Making the Big Step from Side Hustle to Self-Employment

First of all, let us say a huge congratulations. If you’re at the point where your side hustle is a viable means for self-employment, this is a seriously impressive milestone!

Now it’s time to look at the pivotal crossroads you’ve reached. You can either continue the way you were, juggling your side hustle with other employment commitments. Or, bid a fond farewell to the security of PAYE employment and focus your attention solely on the realms of business ownership.

Whether your mind is made up or you’re still deciding about full self-employment, we look at the common signs that the time is right, and what to do about it.

How do I know when it’s the right time to go self employed?

There’s no dancing around the fact. Going self-employed and working for yourself in business almost always come with a certain level of risk. You’ll no longer have the relative safety net of a regular salary from an employer who is legally responsible for you.

However, as with most things in life, there’s never an ideal time to take a risk. So what key indicators might you take into account when considering self-employment?

list of reasons showing when it might be time to transition to self-employment

A lack of time is holding you back

As a side hustle evolves, you might find that your other professional commitments become a hindrance to its growth.

If your side-project is booming in your spare hours, what would more time do for it?

 

A full-time job is just that – full time. It occupies a significant portion of your days and weeks, making it tricky to accommodate a blossoming side project out of hours.

 

You need more flexibility in your schedule

Regular employment usually means less flexibility and autonomy over your own working schedule. Juggling employment and your side hustle is also extremely demanding, and there really are only so many hours in a day.

When you start to spread yourself too thinly to deal with everything, all aspects of your life will eventually suffer. So, when the balance starts to tip, that’s when self-employment becomes a viable consideration. If you find yourself making mistakes or working unhealthy hours, it’s time to think about where your priorities really lie.

 

Your work-life balance is starting to suffer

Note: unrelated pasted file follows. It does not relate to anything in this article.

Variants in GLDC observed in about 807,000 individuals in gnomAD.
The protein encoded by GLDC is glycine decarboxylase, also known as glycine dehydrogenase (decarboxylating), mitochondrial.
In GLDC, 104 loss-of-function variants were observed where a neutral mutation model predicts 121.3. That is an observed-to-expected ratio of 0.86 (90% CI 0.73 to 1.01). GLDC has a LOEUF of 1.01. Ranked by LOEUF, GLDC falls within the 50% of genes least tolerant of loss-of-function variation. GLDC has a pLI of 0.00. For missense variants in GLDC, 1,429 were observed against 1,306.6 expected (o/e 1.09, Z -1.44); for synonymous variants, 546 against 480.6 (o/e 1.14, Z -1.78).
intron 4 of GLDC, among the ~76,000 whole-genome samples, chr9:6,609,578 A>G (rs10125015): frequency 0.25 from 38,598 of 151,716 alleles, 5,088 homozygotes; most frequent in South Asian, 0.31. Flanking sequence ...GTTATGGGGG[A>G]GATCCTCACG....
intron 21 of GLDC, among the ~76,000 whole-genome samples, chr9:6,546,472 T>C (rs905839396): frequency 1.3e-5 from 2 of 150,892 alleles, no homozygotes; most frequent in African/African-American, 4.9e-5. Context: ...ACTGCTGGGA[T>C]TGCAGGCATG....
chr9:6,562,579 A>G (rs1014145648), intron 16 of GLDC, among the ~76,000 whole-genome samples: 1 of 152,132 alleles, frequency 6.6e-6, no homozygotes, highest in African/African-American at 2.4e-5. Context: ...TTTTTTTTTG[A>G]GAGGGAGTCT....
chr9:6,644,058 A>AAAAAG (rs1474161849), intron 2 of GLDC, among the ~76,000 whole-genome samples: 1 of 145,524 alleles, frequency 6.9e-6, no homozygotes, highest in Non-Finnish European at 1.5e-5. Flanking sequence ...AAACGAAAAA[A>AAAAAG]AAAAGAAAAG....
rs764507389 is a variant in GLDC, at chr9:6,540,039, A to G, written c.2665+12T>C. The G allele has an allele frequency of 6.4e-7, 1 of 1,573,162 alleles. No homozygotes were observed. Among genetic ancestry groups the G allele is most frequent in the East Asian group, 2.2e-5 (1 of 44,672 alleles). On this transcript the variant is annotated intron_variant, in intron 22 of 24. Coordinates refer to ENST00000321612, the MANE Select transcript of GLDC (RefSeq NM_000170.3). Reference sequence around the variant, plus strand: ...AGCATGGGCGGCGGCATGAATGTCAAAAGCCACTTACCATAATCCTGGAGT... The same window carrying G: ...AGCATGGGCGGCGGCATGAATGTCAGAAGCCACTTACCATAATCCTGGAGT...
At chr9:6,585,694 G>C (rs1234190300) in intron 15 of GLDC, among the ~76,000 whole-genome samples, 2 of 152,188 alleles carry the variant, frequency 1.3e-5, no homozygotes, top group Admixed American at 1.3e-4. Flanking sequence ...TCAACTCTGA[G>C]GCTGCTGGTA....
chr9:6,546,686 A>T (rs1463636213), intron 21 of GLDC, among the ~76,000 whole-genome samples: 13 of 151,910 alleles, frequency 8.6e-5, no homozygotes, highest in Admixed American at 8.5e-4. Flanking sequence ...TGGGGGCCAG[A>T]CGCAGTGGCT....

As well as the time you dedicate to work, it’s essential that you nurture your downtime too. You need to take a break, and spend time with your loved ones.

Invest in your physical and mental wellbeing in order to be the best possible version of your professional self. If you’re struggling to do this as well as your job, and self-employment is a realistic long-term option, could it be the push you need?

 

You’re busy enough to start employing staff

Has your side hustle reached a point that you need to recruit an employee? When you’re realistically entertaining the idea of hiring staff, it likely means your side hustle business idea is proving profitable.

Does it make more sense for you to hire someone in, or leave employment and do it yourself?

 

If you want to invest more time and energy into the venture and keep the momentum going, self-employment becomes the next natural step.

 

You’ve got resources and funding on your side

For many self-employed business owners, the main stumbling blocks are a shortage of skills, money, or both. If you’ve got both of these at your disposal, you’re already a step ahead!

 

What are some other common signs that it’s time to transition to self-employment?

As well as the points we mention above, some other deciding factors might trigger the change to self-employed working.

  • There’s no room for progression with your employer.
  • The confines of employment are negatively impacting your mental wellbeing.
  • You flourish professionally when working for yourself.
  • The opportunity to start a business with likeminded individuals.
  • You want more involvement in key decision-making.

Making the decision to go self-employed is entirely down to you, and what you need from it. So, if you think it’s time to make a go of things, let’s address the current elephant in the room; COVID-19.

 

Invoices

Things to consider about going self-employed in the COVID climate

OK, we know you don’t need us to tell you this, but we’ll say it anyway. The ongoing health pandemic and global economic crisis complicates the transition from side hustle to self-employment in 2021.

The current climate means there are some things worth careful consideration when thinking about going self-employed.

 

Limited financial support for the newly self-employed

The Self-Employment Income Support Scheme (SEISS) is only available to those already in self-employment. In order to be eligible for the SEISS grant, you’ll need to have submitted a 2018/19 tax return. If you’re looking to go self-employed in 2021 it’s vital that you’re aware of what is, and isn’t, available to you.

Stay in-the-know about what support you can access. It might be that you choose to wait a while longer, until more support becomes available to the newly self-employed.

 

A potential downturn in demand within your industry